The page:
Fiona and Seamus Turn One!

Remember our orphan Virginia opossum siblings Fiona and Seamus? These two turn one year old this week. We do not have an exact birthday for them but our vet staff is estimating around April 15. Fiona and Seamus were hand raised by our vet staff and have become animal ambassadors for our educational programs.

Seamus recently appeared at one of our onsite school programs and Fiona was one of the animal ambassadors appearing at the Disney ZooTopia movie screening. Both have been doing great making appearances and meeting zoo guests.


Virginia opossums are the only marsupial found in North America. A marsupial is a mammal that has a pouch where it carries its young. The young opossums are not fully developed when they enter the pouch and spend the first two months of their lives inside their mother’s pouch.

Virginia opossums are famous for entering a defensive catatonic state, commonly known as “going opossum”. During this death feigning behavior the animal becomes motionless, which may last as little as a minute or it may continue up to six hours. This behavior is relatively rare and is most frequently displayed in young opossums. Instead, it is more common for a threatened adult to bare their teeth and stand their ground, or flee. Opossums are not dangerous as long as they are not cornered and their interaction with other animals and humans is kept to a minimum. But, they WILL protect themselves and their young if necessary. If you encounter a wild opossum the best thing to do is to let it move along at its own pace and not interact with it.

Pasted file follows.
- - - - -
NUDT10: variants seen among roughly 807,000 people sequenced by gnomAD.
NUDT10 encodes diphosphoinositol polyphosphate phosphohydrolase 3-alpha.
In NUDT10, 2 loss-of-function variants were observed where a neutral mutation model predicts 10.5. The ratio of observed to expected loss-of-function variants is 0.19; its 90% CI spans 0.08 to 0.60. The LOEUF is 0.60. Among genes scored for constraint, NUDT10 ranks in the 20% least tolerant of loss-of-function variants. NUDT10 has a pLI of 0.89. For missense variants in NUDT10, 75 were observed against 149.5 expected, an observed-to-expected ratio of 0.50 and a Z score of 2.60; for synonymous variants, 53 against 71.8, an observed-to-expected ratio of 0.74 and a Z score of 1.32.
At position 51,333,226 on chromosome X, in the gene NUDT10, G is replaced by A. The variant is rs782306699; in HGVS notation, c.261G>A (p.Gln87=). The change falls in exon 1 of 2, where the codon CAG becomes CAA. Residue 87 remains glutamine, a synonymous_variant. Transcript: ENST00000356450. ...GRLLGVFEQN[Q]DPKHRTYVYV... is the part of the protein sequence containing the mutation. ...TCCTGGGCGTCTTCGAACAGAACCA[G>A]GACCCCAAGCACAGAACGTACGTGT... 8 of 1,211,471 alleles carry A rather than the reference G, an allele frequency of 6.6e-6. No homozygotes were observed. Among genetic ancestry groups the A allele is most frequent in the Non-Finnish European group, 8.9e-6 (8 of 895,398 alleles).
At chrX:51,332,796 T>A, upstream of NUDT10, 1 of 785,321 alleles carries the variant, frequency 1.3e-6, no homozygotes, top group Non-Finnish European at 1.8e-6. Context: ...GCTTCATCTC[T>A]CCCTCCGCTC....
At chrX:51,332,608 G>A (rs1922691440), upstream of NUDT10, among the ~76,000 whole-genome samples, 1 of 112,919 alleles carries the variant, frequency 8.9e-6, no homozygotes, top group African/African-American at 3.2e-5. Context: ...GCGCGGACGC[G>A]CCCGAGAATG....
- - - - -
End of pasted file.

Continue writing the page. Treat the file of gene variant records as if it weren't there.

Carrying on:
Virginia opossums are often considered a pest species but they help to maintain a clean and healthy environment. They eat all types of insects, including cockroaches, crickets, and beetles. They catch and eat rats, mice, and they consume dead animals of all types (carrion). They like over-ripe fruit, berries, and grapes. They could be considered nature’s little Sanitation Engineers as often neighborhoods with opossums tend to be cleaner than areas without opossums. Opossums are scavengers, which makes them extremely important to any habitat. By eating carrion, they also lower the risk of spreading disease in the area.

Fiona and Seamus will continue to appear in school programs and also make appearances in our Summer Safari camp to teach students and campers about animals in their own backyards. They may also make appearances this summer on our ZooLive! stage, located at the Animal Wellness Campus. Happy Birthday Seamus and Fiona!

Stephanie Peters
Program Animal Coordinator